In an undercard bout of note, Liberia-born featherweight Toka Kahn Clary, who fights out of Rhode Island, advanced to 22-1 with an 8-round unanimous decision over Angel Luna of the Dominican Republic. Clary, who won all eight rounds on two of the scorecards, has won three straight since suffering a shocking first round knockout at the hands of lightly-regarded Jhon Gemino in September of last year.

Photo credit: Mony Hin

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COMMENTS

-Kid Blast :

That's sounds like a FOTY candidate. Ty is a good kid who has regrouped and is now streaking. The Frog is done.


-KO Digest :

That's a hot spot for fighting. Last year, for the TSS mid-year "awards" I wrote of the round of the half year: Jesse Hart vs. Dashon Johnson (Round 10) — Chances are good you didn’t see this Philly War last March at the 2300 Arena in Philadelphia because it wasn’t aired on HBO, SHO, or PBC but rather GFL.TV, the website for Go Fight Live. Fans at the 2300 and subscribers to GFL got a tenth round treat that seemed to come straight out of a Hollywood boxing movie script. It was very reminiscent of the recent ROCKY spinoff CREED with a young underdog from California nearly stealing victory from the jaws of defeat late in the final frame, only to come up short on the scorecards. Battling for a pair of regional super middleweight titles, Hart 20-0 (16) was more or less having his way at home with "Flyboy" Johnson 21-19-3 (6) until the extremely dramatic occurred. Showing that no fighter is ever out of a fight until the final bell, Johnson scored a theatrical tenth round knockdown to electrify the 1,500 live fans in attendance. Hart struggled to his feet under the benefit of what some observers might call a"long count" from referee Ernie Sharif but in boxing, controversy is to a fight what salt and pepper are to a steak. Promoter J. Russell Peltz called Hart’s refusal to accept a rematch a "mistake" before explaining that he understands the economics behind the decision.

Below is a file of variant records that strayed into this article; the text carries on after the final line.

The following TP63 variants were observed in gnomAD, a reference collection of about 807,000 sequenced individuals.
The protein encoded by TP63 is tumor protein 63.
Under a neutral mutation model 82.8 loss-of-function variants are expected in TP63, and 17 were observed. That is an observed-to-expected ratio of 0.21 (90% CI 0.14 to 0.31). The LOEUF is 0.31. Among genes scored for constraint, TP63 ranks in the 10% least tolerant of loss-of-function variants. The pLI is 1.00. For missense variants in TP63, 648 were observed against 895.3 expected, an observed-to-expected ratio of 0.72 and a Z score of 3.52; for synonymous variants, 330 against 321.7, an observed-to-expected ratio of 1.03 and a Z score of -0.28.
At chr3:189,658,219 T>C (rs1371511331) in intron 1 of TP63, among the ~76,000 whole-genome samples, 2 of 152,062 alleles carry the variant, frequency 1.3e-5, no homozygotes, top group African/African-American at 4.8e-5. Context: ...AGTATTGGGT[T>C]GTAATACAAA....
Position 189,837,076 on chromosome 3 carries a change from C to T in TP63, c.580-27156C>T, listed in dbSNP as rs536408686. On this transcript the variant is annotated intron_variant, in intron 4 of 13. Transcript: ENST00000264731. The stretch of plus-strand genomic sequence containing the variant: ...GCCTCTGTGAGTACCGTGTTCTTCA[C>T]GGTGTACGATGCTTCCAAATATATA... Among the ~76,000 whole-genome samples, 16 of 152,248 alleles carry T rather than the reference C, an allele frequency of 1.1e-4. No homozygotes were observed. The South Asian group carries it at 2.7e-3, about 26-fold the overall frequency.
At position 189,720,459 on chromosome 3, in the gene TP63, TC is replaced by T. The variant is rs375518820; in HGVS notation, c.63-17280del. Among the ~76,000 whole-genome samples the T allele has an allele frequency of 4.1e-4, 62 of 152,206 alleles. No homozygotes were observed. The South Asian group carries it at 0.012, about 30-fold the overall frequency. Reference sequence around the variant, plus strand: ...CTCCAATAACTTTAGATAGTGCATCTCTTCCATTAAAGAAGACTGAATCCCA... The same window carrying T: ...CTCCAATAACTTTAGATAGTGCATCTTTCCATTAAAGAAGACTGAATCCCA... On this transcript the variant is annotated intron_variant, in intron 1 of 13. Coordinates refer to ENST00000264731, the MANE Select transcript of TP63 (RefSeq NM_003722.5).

-KO Digest :

That's a hot spot for fighting. Last year, for the TSS mid-year "awards" I wrote of the round of the half year: Jesse Hart vs. Dashon Johnson (Round 10) — Chances are good you didn’t see this Philly War last March at the 2300 Arena in Philadelphia because it wasn’t aired on HBO, SHO, or PBC but rather GFL.TV, the website for Go Fight Live. Fans at the 2300 and subscribers to GFL got a tenth round treat that seemed to come straight out of a Hollywood boxing movie script. It was very reminiscent of the recent ROCKY spinoff CREED with a young underdog from California nearly stealing victory from the jaws of defeat late in the final frame, only to come up short on the scorecards. Battling for a pair of regional super middleweight titles, Hart 20-0 (16) was more or less having his way at home with "Flyboy" Johnson 21-19-3 (6) until the extremely dramatic occurred. Showing that no fighter is ever out of a fight until the final bell, Johnson scored a theatrical tenth round knockdown to electrify the 1,500 live fans in attendance. Hart struggled to his feet under the benefit of what some observers might call a"long count" from referee Ernie Sharif but in boxing, controversy is to a fight what salt and pepper are to a steak. Promoter J. Russell Peltz called Hart’s refusal to accept a rematch a "mistake" before explaining that he understands the economics behind the decision.